Unlocking land for urban renewal

| February 3, 2012

The current strata scheme legislation in NSW is the most significant hurdle to the urban renewal of our major population centres, and Stephen Albin writes that meaningful reform is needed.

Sydney is a city under immense population pressure. In the next 24 years alone, existing urban areas will need to accommodate at least 539,000 new homes, according to the Metropolitan Plan for Sydney 2036. Strata reform is essential to allow urban renewal and the supply of more homes that are safe, affordable, environmentally-sound, and appealing to live in.

The first strata scheme in NSW was registered in 1961 and many buildings with strata schemes pre-date that. The life cycle of most buildings is considered to be 50 years, and ageing buildings often do not comply with safety codes, are environmentally unsustainable, fail to offer amenity and contribute to urban blight. The cost of rectifying poorly-maintained buildings is not viable in many cases, and approaches that of redeveloping the land.

In the current legislative environment it is extremely difficult for residents of a scheme to dissolve it and allow for renewal of a site. The laws effectively sterilize sites in strategically-important locations such as transport hubs from providing buildings that meet modern design and safety standards and allow far more efficient urban outcomes. This is because it takes the agreement of 100 per cent of the owners in a scheme to disband the scheme. Alternatively, an owner or owners can seek a Supreme Court order to terminate the scheme, which can be a lengthy and costly process.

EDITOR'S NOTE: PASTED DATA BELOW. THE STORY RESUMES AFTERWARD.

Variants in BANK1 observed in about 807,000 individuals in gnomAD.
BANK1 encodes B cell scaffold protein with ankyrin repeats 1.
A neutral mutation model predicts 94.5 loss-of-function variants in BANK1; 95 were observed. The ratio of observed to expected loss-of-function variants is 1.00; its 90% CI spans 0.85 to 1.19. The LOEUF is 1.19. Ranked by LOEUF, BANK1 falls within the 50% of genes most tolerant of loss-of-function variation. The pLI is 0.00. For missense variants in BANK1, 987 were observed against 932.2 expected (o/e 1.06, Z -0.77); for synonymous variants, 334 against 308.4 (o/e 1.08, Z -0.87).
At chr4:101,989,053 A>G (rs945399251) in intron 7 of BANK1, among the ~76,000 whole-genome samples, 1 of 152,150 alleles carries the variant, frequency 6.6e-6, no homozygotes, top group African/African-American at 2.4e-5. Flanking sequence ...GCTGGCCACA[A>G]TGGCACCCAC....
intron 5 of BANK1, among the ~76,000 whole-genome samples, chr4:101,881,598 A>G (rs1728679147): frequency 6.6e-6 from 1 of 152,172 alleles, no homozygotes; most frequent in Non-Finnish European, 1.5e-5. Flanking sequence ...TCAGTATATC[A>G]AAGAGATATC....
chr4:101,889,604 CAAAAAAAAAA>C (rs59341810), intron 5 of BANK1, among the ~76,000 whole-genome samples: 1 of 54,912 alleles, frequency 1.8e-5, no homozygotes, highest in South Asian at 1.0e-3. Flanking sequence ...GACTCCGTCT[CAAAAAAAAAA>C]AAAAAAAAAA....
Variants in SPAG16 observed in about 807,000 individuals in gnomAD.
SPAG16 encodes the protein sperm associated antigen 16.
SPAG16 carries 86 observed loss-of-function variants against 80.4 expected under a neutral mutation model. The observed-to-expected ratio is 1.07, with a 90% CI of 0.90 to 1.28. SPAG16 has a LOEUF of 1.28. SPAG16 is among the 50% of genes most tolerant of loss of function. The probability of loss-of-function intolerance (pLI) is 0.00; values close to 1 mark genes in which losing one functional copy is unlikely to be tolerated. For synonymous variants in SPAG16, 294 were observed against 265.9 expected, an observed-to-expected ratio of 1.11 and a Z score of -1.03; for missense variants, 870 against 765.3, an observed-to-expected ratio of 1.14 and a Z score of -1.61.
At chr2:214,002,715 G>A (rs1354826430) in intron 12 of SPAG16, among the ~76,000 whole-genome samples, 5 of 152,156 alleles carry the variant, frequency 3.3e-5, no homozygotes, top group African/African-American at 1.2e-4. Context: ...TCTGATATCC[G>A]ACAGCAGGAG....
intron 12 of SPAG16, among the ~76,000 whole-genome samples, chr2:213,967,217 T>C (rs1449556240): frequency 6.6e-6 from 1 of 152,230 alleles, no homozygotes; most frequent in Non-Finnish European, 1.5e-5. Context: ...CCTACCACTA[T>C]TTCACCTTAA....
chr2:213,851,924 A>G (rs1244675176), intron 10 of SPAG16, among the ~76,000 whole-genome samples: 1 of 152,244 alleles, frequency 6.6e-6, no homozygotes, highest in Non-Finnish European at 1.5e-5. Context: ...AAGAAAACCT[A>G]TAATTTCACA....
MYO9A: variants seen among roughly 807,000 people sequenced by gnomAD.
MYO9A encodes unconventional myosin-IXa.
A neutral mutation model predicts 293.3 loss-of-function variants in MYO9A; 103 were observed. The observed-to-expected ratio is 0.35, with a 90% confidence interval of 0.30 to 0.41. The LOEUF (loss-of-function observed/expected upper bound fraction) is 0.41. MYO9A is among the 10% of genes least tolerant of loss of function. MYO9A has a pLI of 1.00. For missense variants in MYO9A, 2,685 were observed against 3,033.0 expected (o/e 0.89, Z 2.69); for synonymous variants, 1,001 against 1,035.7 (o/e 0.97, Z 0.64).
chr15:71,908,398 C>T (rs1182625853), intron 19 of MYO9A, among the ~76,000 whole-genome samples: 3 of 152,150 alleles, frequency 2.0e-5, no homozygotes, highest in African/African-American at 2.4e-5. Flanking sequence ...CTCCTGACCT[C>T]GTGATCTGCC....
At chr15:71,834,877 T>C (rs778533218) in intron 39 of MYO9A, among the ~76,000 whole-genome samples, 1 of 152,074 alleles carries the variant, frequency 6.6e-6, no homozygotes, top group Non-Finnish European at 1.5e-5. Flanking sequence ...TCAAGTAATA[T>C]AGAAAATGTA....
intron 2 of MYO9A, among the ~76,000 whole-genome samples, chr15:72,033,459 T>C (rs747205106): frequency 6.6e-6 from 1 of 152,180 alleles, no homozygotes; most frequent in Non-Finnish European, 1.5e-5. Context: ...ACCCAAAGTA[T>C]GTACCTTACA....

Giving residents an ability to reach a reasonable consensus to terminate their strata scheme is necessary to unlock land for renewal, boost housing supply, increase affordability, and meet strategic growth objectives.

Urban Development Institute of Australia NSW (UDIA NSW), believes new strata scheme laws should be governed by some core principles. These include that all newly-created strata schemes allow those schemes to be dissolved with a majority vote with a threshold that represents the collective will of the owners. Existing schemes should be allowed to “opt in” to the new laws, via a majority vote of strata owners. Protections for dissenters must be enshrined in law to ensure the scheme dissolution process is carried to the letter and that there are rights of appeal to an independent authority on issues such as fair and reasonable compensation.

Fostering increased density on these sites not only helps house an increasing population, it can dramatically increase the value of the site, making it financially worthwhile for owners to dissolve a scheme and choose to become an owner in a newly-built development on the same site, or purchase elsewhere.

UDIA NSW believes this reform is necessary if Sydney is to reach its housing targets and accommodate the estimated population growth over the next 24 years, and beyond.


Stephen Albin is an economist and policy-maker with more than 15 years’ experience working in property and tourism industry associations. He began his career with the Australian Government and has worked as Deputy CEO of the Tourism Task Force, National Policy Manager for the Tourism Council of Australia, and a Director of the Banking and Property Group at Macquarie Bank. Stephen has a Master of Public Policy and a Bachelor of Administration, both specialising in economics. Today, he leads UDIA NSW, an industry group dedicated to promoting urban development and housing affordability in NSW.


Strata Laws Online Consultation Questions:

Q1. What are the main areas of the existing strata and community scheme laws you would like to see changed?

Q2. Can you see any future issues that need to be addressed in the legislation?

Q3. How could the management of strata and community schemes be improved?

Q4. Are there any changes needed to the way disputes in strata and community schemes are resolved?